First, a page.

• Bake. As the dough is in its final rise, preheat your oven to 375°F. Once the dough has finished rising, uncover it, and place in the center of the preheated oven. Bake for about 14 minutes, or until the dough is very puffy, just beginning to brown and a toothpick inserted in the center comes out clean (a toothpick test is more useful here than an internal temperature). Remove from the oven and immediately cover the entire baking sheet with a clean tea towel, tucking the ends of the towel under the baking sheet to create a loose seal. Allow the bread to cool for at least 30 minutes under the towel. This will keep the crust soft and squish. Uncover, and serve, or cool the rolls completely and place in a well-sealed freezer-safe bag and freeze for up to 3 months. Defrost at room temperature and refresh the rolls in the toaster oven before serving.

  • Adapted from the Lion House Dinner Rolls recipe on Mel’s Kitchen Cafe (thanks Mel!) as selected by you from my Must Make Gluten Free Pinterest Board.



P.S. Do you have your copy of Gluten Free on a Shoestring Bakes Bread? Thank you thank you thank you for playing such an important part in this, the Gluten Free Bread Revolution! Tell everyone about it!!

Comments are closed.

  • amy wilkinson
    September 16, 2014 at 10:35 AM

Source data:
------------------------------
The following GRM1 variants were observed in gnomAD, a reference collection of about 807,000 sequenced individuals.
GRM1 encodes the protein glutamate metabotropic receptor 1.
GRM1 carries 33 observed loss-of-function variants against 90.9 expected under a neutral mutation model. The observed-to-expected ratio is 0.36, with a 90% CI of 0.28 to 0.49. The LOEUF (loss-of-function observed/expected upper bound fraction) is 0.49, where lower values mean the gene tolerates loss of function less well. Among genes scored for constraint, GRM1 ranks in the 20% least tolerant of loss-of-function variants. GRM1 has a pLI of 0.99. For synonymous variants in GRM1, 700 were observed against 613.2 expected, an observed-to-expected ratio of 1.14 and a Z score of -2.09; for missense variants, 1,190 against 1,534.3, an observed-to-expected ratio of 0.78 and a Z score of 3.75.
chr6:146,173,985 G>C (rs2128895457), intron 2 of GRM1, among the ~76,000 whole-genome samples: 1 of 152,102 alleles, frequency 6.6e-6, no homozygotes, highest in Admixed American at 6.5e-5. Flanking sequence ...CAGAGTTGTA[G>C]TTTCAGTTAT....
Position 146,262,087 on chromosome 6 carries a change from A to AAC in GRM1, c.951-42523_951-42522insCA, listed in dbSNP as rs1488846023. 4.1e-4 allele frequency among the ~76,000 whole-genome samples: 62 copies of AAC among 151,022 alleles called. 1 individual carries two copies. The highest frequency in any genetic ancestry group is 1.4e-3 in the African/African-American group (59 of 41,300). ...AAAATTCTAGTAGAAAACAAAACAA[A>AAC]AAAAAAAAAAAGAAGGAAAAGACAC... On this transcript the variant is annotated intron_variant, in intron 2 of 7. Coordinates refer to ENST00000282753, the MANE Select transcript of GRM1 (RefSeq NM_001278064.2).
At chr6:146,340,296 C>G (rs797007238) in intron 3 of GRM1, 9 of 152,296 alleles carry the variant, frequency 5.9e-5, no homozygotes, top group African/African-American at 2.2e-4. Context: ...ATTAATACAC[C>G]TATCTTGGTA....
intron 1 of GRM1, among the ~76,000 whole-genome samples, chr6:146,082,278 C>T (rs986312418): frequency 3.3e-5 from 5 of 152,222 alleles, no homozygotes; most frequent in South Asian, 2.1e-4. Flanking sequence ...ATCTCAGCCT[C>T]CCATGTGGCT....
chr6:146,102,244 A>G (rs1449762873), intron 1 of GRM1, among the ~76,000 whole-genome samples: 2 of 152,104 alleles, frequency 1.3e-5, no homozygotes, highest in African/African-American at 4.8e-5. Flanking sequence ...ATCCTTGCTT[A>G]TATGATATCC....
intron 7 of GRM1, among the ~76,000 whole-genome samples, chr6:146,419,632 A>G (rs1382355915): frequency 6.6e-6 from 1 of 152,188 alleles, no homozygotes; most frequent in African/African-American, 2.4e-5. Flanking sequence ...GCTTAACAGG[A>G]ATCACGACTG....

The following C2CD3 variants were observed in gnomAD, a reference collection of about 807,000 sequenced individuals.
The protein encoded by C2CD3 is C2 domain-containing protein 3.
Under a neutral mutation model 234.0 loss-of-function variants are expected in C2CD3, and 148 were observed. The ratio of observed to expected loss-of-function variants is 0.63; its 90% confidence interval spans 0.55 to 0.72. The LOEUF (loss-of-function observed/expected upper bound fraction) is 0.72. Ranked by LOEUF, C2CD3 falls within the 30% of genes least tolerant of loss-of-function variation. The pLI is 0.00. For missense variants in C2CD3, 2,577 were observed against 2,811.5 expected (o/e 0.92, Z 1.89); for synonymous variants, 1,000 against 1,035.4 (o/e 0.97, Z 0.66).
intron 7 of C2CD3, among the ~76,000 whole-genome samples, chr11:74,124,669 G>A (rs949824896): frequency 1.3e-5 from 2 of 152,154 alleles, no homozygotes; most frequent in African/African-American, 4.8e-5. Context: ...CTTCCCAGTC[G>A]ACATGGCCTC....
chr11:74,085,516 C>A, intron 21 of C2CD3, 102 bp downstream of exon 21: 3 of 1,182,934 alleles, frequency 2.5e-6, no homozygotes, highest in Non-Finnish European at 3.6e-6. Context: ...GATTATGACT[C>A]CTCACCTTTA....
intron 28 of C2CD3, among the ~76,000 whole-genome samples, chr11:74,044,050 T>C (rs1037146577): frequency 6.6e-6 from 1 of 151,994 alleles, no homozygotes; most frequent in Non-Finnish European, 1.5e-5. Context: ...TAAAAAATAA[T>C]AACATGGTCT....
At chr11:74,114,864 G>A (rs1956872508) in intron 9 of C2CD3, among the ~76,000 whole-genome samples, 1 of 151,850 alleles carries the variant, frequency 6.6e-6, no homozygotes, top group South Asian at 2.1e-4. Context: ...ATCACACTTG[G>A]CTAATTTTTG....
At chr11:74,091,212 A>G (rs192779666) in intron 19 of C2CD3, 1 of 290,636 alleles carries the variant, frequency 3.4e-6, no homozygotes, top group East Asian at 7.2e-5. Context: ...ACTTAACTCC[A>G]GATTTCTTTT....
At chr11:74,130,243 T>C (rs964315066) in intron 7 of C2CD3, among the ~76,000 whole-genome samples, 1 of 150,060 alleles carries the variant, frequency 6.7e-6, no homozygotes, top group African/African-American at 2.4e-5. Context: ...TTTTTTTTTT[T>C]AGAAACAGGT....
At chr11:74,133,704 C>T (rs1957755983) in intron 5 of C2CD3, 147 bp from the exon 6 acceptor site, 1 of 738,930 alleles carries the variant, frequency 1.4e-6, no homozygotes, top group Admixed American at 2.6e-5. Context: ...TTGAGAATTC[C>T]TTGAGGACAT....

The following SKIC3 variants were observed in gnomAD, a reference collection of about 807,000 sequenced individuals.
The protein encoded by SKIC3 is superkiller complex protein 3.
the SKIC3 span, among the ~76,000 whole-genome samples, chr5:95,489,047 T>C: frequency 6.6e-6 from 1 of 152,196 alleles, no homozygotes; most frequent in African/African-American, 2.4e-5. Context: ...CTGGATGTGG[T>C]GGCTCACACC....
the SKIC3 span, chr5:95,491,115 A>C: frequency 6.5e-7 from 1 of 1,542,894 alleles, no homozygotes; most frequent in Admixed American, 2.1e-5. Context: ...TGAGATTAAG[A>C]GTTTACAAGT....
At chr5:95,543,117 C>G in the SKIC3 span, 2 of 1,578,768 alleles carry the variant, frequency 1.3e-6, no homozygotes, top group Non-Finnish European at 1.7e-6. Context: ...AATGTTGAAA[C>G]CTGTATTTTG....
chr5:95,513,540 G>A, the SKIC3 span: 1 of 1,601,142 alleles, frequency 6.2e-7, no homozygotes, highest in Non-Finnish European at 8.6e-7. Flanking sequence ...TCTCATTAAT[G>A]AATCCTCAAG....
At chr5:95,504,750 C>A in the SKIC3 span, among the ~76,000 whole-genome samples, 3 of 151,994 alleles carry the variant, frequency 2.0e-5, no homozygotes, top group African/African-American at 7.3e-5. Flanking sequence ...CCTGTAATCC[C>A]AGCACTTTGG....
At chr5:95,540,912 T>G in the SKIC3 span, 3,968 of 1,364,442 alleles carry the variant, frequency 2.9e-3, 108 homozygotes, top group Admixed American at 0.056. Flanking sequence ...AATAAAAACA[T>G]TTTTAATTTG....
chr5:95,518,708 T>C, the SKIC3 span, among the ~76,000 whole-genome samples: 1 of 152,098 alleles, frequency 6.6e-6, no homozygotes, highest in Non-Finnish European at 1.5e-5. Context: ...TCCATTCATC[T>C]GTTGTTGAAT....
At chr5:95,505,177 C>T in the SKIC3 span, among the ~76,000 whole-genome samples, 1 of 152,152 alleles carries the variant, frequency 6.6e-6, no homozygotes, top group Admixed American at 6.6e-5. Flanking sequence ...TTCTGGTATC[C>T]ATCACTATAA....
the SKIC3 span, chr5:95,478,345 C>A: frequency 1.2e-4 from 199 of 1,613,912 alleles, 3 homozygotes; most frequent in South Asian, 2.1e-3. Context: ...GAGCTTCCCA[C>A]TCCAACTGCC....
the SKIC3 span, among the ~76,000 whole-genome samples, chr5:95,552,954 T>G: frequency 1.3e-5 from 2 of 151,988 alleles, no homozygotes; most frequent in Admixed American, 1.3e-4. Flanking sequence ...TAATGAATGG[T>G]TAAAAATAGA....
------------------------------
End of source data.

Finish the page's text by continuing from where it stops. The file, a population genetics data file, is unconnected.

the recipes for the last several days are not coming up on your blog nicole. i get the feed to my inbox as usual. i just thought i’d let you know….

    • September 16, 2014 at 4:05 PM

      Thanks for letting me know, Amy. It’s apparently a caching issue on my end, and my web developer gave me a workaround for now that should fix it and when we redesign my site it will be done differently. So sorry about that! If you clear your computer’s cache, it should show the proper way now. :)

  • klbcos
    September 9, 2014 at 1:32 PM

    Nicole, I have a kitchen that is rather cold and even cool in the summer time. How do I get yeast breads to rise well in that environment? Also, do your high altitude bakers need to make any adjustments? I have to deal with both of these challenges. I am excited to begin trying some of your recipes.